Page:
Placemaking Postcards is a blog series from the Bass Center for Transformative Placemaking at Brookings where policymakers and practitioners guest-author promising placemaking efforts from across the U.S. and abroad that foster connected, vibrant, and inclusive communities. In line with the principle tenets of placemaking, the goal of the series is to recognize the community as the expert, highlight voices from the field, and to create a community of learning and practice around transformative placemaking.
Transit has the potential to connect people to places in a sustainable, affordable manner—but only if riders can access it. Transportation planning must take into account not only where transit services are located, but how people traverse the built environment to access such services. Lower-income, majority-minority neighborhoods often lack the basic infrastructure for walking (such as sidewalks and crosswalks) and are more likely to have had their neighborhoods cut off by highways—resulting in disproportionate numbers of pedestrian crashes, injuries, and fatalities in these areas compared to other communities. Given that residents from these same neighborhoods are also most likely to rely on public transportation to get to work, it’s clear that deep spatial inequities exist in both transit access and safety.
As members of the Montgomery County Planning Department in Maryland, we have a front-row seat to these challenges during the development of a new light-rail transit line: the Purple Line, which will connect Montgomery County to Prince George’s County. Below, we highlight our efforts to study and tackle pedestrian access as a fundamental equity issue across the communities the rail line will serve.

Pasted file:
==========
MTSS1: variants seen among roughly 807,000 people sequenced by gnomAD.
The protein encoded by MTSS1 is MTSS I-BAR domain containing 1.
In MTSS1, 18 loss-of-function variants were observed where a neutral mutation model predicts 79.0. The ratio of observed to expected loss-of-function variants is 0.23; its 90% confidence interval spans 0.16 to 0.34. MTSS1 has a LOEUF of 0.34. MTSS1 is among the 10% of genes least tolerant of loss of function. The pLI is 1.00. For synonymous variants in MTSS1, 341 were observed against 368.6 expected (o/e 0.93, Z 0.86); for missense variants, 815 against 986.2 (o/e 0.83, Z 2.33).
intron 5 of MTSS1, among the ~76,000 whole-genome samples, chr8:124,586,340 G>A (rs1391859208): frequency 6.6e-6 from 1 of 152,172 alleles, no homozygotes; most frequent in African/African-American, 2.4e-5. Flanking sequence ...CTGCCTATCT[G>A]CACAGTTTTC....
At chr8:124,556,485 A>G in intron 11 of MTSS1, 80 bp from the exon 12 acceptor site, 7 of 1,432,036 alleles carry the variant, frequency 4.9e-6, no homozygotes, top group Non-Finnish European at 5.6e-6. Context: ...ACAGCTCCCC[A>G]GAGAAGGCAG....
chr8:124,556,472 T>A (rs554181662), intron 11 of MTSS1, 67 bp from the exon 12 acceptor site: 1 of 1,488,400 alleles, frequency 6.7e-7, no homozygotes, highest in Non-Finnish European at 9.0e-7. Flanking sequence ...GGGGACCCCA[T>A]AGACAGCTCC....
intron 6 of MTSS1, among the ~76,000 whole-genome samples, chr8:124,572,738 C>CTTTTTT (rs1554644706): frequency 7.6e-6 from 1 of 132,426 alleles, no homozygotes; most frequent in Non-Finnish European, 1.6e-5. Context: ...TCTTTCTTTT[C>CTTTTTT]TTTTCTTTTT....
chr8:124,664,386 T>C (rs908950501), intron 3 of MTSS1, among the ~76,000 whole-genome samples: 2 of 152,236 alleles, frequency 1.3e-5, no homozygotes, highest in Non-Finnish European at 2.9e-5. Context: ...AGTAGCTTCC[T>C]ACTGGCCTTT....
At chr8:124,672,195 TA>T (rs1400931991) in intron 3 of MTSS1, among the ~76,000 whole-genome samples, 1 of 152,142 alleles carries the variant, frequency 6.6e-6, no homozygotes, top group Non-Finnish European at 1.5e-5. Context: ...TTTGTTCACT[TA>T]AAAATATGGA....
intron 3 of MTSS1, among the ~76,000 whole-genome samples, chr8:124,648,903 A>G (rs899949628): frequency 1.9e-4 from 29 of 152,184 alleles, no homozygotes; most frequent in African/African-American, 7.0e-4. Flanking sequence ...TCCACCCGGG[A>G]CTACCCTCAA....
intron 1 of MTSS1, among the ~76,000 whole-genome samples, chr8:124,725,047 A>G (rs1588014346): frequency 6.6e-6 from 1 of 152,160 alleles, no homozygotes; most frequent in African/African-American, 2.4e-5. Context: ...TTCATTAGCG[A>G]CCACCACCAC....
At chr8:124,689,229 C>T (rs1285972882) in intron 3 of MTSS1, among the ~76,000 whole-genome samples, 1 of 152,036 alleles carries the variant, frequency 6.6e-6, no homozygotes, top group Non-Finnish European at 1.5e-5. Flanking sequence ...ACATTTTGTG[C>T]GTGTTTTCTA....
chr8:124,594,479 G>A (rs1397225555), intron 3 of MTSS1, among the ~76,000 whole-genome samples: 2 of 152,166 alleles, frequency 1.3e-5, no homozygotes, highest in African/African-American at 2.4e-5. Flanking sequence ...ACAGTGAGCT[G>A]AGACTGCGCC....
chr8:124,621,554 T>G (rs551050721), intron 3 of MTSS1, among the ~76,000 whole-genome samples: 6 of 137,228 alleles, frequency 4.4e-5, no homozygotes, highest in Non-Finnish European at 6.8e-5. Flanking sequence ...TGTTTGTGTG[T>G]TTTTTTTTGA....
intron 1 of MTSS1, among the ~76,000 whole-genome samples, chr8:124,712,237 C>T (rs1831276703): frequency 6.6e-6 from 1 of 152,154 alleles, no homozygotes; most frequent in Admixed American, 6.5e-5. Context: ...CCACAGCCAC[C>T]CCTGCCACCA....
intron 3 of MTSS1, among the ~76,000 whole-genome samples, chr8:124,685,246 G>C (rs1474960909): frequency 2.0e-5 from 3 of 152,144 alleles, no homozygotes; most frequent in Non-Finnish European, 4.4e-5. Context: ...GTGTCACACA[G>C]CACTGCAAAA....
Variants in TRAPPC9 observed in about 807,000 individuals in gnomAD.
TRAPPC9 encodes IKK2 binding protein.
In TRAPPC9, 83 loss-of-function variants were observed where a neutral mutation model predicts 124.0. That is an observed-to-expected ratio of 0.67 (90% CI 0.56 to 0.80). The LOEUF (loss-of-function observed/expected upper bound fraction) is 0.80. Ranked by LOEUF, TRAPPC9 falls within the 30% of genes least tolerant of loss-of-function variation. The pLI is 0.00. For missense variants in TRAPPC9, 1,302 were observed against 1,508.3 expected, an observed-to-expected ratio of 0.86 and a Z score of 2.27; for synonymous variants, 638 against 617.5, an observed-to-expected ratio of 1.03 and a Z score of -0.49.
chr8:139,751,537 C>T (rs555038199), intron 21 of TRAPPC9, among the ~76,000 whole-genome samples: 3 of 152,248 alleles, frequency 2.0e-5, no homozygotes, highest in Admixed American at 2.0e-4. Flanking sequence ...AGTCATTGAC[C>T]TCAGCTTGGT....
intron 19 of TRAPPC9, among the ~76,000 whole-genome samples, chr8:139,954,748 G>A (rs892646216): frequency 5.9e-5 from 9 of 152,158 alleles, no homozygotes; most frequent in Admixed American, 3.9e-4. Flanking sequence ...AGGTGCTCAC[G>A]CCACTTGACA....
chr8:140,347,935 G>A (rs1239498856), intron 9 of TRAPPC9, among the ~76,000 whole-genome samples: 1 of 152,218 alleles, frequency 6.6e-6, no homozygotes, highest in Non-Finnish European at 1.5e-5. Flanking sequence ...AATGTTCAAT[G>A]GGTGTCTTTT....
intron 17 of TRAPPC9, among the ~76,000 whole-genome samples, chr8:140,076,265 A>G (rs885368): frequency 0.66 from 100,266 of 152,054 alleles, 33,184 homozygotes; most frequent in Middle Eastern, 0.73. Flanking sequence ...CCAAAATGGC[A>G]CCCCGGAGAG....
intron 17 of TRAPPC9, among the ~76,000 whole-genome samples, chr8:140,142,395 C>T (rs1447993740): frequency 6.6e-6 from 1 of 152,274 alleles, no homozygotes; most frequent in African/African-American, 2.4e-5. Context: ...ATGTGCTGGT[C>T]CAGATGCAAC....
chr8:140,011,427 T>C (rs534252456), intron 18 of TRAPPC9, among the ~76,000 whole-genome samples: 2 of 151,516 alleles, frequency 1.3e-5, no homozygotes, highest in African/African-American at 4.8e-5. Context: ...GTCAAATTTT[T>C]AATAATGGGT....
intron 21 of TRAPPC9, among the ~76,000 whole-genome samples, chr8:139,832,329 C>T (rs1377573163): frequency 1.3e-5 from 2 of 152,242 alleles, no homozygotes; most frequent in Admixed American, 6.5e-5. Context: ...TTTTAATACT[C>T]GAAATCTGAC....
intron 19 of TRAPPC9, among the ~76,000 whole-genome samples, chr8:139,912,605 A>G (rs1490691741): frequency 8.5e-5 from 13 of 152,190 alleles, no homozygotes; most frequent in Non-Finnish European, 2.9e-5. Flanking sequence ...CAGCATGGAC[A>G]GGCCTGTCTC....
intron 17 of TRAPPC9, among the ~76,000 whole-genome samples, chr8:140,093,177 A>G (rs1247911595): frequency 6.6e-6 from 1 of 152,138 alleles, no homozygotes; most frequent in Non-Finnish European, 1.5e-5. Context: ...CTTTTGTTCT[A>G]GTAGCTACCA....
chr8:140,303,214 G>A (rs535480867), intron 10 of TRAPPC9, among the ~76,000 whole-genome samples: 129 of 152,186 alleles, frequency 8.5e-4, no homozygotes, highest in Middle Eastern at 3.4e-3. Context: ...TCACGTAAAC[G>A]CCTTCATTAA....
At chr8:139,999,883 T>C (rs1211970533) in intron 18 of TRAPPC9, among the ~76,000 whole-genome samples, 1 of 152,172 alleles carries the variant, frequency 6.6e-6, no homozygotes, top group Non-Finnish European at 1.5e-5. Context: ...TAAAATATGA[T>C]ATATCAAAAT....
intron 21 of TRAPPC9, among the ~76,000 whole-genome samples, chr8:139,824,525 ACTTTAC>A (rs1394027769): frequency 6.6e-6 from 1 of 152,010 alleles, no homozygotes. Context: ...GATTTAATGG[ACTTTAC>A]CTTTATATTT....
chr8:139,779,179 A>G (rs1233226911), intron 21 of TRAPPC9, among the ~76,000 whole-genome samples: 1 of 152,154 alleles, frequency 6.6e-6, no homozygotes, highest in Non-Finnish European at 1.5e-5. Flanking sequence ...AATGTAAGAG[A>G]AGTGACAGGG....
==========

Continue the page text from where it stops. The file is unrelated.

A data-driven approach to understanding disparities in pedestrian safety
When the Purple Line opens in 2026, most passengers will arrive at stations by foot, bus, bicycle, or train, as the stations were intentionally designed without new parking to promote walkable, transit-oriented development. Comfortable pedestrian access to the stations is therefore a top priority for our organization, with a goal to ensure that all residents benefit from this significant new transportation investment.
Unfortunately, comfortable pedestrian access to many of the planned Purple Line stations is lacking—particularly in neighborhoods with spotty walking infrastructure and overlapping equity concerns. For instance, there are no marked crosswalks across Lyttonsville Road near the Lyttonsville station (Image 1)—a historically Black community located between Bethesda and Silver Spring that includes one of the county’s few industrial districts inside the Capital Beltway.
To quantify “comfortable” pedestrian access, identify disparities in access across places, and recommend improvements to the walking environment, we developed the Purple Line Pedestrian Connectivity Report. For the 11 Purple Line stations serving Montgomery County, we assigned comfort levels to each pedestrian pathway and crossing using our department’s Pedestrian Level of Comfort tool. The tool evaluates the pedestrian network using factors such as sidewalk width, speed limit, and crosswalk type, and assigns a score ranging from “very comfortable” (Comfort Level 1) to “undesirable” (Comfort Level 4). We then used these scores to determine how much of each home-to-station pedestrian trip was “comfortable” (Comfort Level 1 or 2) and developed an overall comfortable connectivity score for each station based on all the trips to that station.
Our results reveal that, in general, stations located in downtowns (such as Bethesda and Silver Spring) already have high comfortable connectivity to the proposed Purple Line stations. In contrast, proposed Purple Line stations located on major highways with higher posted speed limits are currently not well connected to the surrounding communities, indicating the need for pedestrian improvements in these areas to provide a comparable transit experience.